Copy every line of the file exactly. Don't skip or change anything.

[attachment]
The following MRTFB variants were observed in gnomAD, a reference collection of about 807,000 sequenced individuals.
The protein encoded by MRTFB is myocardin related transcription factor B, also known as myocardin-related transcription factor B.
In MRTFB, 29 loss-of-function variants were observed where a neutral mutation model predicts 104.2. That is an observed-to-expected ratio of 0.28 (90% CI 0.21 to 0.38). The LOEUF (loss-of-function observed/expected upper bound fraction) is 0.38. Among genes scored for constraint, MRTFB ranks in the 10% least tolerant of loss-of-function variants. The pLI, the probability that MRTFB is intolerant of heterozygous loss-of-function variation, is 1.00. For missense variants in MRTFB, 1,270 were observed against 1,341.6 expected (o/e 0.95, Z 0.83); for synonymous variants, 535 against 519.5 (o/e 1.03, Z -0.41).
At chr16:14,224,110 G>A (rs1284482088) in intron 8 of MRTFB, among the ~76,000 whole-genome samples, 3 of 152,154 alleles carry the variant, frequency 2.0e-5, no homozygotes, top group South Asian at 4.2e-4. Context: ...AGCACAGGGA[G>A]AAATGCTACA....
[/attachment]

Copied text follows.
The following MRTFB variants were observed in gnomAD, a reference collection of about 807,000 sequenced individuals.
The protein encoded by MRTFB is myocardin related transcription factor B, also known as myocardin-related transcription factor B.
In MRTFB, 29 loss-of-function variants were observed where a neutral mutation model predicts 104.2. That is an observed-to-expected ratio of 0.28 (90% CI 0.21 to 0.38). The LOEUF (loss-of-function observed/expected upper bound fraction) is 0.38. Among genes scored for constraint, MRTFB ranks in the 10% least tolerant of loss-of-function variants. The pLI, the probability that MRTFB is intolerant of heterozygous loss-of-function variation, is 1.00. For missense variants in MRTFB, 1,270 were observed against 1,341.6 expected (o/e 0.95, Z 0.83); for synonymous variants, 535 against 519.5 (o/e 1.03, Z -0.41).
At chr16:14,224,110 G>A (rs1284482088) in intron 8 of MRTFB, among the ~76,000 whole-genome samples, 3 of 152,154 alleles carry the variant, frequency 2.0e-5, no homozygotes, top group South Asian at 4.2e-4. Context: ...AGCACAGGGA[G>A]AAATGCTACA....